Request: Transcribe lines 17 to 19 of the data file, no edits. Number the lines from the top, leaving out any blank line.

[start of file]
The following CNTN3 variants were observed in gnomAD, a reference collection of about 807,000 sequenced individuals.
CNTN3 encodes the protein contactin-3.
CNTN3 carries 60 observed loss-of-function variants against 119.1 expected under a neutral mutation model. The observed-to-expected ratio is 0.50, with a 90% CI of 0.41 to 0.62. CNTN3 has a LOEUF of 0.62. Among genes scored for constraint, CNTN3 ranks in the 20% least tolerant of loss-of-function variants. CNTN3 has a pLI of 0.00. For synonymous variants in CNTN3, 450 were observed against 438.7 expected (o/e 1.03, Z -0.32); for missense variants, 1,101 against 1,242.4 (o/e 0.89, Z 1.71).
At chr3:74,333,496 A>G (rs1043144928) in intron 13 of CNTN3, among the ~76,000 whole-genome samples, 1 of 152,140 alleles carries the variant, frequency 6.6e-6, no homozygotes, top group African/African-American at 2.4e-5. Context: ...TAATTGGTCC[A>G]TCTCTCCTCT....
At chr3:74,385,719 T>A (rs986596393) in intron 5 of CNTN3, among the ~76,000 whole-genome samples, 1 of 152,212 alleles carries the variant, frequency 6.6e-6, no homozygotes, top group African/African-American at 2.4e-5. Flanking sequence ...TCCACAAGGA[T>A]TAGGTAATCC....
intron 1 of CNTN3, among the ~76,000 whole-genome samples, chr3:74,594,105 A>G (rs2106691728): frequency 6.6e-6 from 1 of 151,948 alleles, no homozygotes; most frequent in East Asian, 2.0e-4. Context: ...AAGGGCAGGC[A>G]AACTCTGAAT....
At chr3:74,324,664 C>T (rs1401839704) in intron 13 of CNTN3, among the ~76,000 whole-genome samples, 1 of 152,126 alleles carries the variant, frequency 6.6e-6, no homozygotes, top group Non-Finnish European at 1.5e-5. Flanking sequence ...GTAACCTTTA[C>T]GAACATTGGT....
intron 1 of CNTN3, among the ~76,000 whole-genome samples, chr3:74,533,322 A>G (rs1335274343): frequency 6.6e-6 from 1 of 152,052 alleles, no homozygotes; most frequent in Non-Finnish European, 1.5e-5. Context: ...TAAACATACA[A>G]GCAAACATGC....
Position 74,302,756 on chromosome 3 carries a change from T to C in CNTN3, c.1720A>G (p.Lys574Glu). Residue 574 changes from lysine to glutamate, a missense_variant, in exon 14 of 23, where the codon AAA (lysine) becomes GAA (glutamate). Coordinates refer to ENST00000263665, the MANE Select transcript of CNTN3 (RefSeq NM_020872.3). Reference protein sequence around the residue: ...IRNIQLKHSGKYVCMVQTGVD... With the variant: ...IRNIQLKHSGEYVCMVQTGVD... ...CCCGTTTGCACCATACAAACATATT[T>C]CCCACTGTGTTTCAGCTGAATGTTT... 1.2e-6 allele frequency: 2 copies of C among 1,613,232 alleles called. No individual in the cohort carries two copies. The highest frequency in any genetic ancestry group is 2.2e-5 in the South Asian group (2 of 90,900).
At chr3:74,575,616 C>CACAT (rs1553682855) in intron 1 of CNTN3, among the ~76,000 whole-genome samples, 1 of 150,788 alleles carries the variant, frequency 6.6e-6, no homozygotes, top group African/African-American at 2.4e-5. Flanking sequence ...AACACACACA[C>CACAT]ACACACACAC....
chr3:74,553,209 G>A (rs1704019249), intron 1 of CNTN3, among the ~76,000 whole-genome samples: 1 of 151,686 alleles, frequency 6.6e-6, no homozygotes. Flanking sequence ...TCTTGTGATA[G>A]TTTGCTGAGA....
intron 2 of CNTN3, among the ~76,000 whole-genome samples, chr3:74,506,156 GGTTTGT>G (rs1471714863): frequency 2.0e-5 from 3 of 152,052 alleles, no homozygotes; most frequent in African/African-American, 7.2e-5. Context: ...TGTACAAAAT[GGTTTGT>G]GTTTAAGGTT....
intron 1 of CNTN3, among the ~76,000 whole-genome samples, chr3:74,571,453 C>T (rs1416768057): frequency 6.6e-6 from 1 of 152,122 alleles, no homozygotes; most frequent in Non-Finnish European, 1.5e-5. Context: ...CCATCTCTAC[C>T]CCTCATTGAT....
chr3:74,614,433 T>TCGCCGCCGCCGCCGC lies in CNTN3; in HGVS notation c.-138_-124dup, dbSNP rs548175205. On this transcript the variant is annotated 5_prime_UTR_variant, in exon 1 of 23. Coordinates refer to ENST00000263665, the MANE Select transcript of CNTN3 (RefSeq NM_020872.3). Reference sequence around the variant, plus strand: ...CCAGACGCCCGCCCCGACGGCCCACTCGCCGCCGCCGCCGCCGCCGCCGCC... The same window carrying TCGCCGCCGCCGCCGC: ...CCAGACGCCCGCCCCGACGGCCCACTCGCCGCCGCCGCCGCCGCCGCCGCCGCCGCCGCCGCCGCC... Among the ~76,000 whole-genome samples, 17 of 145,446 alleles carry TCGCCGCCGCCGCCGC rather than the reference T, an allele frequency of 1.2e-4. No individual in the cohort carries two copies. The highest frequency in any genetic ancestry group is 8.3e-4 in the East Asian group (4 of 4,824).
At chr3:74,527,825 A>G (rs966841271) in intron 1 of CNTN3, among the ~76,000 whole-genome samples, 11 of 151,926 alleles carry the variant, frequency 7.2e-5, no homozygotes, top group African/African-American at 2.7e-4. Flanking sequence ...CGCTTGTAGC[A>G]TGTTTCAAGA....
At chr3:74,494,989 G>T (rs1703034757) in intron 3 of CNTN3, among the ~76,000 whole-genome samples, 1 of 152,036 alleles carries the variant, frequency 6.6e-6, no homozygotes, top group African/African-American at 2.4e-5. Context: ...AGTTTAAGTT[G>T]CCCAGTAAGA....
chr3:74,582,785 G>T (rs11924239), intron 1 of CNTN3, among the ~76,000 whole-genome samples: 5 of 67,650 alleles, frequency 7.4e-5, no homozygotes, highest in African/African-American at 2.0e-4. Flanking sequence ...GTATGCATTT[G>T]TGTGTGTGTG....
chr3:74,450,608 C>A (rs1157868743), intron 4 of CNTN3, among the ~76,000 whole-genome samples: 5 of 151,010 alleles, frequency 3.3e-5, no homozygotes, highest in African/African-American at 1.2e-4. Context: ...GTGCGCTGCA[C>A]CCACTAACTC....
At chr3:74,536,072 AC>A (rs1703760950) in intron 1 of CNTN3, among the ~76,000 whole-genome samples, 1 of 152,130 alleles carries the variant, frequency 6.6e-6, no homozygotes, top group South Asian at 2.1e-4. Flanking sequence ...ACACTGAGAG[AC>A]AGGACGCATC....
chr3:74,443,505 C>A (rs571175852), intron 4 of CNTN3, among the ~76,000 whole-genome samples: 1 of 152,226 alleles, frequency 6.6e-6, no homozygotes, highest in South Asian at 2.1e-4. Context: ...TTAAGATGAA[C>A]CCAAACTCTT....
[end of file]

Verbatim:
chr3:74,582,785 G>T (rs11924239), intron 1 of CNTN3, among the ~76,000 whole-genome samples: 5 of 67,650 alleles, frequency 7.4e-5, no homozygotes, highest in African/African-American at 2.0e-4. Flanking sequence ...GTATGCATTT[G>T]TGTGTGTGTG....
chr3:74,450,608 C>A (rs1157868743), intron 4 of CNTN3, among the ~76,000 whole-genome samples: 5 of 151,010 alleles, frequency 3.3e-5, no homozygotes, highest in African/African-American at 1.2e-4. Context: ...GTGCGCTGCA[C>A]CCACTAACTC....
At chr3:74,536,072 AC>A (rs1703760950) in intron 1 of CNTN3, among the ~76,000 whole-genome samples, 1 of 152,130 alleles carries the variant, frequency 6.6e-6, no homozygotes, top group South Asian at 2.1e-4. Flanking sequence ...ACACTGAGAG[AC>A]AGGACGCATC....